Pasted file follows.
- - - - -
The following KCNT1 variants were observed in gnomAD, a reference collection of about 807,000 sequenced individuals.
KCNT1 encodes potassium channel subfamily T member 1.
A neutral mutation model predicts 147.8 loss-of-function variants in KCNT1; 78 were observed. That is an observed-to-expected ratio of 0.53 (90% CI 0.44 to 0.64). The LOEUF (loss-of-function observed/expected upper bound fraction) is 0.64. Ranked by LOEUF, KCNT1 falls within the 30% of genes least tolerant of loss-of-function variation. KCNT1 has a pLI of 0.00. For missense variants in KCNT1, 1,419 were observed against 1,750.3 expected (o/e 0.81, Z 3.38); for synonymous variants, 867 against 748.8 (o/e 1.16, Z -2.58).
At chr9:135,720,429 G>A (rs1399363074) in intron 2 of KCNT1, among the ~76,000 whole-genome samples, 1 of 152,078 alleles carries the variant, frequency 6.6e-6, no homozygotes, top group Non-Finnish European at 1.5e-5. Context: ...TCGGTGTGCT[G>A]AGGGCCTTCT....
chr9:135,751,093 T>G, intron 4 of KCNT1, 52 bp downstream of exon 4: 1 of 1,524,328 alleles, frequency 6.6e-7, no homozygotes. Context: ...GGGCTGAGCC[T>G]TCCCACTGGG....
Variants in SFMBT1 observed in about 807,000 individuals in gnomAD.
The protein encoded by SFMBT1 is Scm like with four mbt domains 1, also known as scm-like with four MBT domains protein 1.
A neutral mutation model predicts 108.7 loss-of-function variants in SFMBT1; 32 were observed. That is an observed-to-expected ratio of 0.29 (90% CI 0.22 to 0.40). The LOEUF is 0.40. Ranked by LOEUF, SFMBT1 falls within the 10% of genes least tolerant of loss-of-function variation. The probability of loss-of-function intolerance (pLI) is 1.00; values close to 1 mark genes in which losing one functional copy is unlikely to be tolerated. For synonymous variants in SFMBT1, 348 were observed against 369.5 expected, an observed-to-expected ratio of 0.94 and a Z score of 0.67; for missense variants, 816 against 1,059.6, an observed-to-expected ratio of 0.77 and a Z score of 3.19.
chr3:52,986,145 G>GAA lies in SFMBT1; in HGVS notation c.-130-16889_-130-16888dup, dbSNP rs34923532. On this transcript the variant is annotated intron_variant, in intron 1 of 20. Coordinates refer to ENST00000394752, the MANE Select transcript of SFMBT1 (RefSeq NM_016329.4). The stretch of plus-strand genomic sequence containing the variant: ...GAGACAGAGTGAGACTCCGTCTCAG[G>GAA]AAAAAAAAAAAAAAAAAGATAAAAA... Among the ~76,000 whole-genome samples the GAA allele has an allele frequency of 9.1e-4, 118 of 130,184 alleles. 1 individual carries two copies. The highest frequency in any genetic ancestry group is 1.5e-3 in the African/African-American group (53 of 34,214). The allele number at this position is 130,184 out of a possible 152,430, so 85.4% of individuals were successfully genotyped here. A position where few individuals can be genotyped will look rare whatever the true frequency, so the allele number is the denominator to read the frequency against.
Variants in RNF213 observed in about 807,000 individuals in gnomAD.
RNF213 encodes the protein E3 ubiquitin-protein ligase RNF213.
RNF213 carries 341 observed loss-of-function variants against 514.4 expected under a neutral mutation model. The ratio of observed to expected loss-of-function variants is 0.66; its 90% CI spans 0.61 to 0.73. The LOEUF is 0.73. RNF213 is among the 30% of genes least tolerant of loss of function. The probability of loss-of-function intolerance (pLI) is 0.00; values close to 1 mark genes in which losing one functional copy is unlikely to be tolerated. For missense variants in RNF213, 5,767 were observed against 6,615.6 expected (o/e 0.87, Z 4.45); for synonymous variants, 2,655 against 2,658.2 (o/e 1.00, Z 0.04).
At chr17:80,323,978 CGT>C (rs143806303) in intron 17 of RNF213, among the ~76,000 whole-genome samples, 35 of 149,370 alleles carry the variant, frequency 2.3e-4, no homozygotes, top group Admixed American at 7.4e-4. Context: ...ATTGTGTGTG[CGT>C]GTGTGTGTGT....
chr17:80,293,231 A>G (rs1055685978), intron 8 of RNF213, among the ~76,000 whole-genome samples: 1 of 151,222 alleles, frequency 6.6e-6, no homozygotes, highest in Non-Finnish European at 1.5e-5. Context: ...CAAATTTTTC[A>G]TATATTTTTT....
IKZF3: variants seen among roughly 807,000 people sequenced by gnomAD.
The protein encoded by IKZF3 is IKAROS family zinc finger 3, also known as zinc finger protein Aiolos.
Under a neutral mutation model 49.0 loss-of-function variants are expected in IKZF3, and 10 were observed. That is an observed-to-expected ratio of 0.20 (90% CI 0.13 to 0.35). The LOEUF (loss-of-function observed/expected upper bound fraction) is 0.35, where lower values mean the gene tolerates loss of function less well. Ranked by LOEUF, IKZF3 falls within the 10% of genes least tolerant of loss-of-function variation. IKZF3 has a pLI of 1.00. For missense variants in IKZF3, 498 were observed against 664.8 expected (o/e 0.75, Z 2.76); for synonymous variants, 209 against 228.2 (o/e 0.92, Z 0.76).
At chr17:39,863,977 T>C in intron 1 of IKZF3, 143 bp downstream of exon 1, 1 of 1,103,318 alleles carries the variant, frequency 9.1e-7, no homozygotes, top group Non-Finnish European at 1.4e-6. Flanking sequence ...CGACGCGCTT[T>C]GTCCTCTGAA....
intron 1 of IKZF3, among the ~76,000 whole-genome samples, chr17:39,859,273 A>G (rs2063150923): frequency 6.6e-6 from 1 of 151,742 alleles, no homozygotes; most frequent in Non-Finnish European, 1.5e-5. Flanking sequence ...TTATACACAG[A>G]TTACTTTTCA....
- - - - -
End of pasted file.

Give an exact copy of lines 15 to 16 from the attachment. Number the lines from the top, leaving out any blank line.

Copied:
IKZF3: variants seen among roughly 807,000 people sequenced by gnomAD.
The protein encoded by IKZF3 is IKAROS family zinc finger 3, also known as zinc finger protein Aiolos.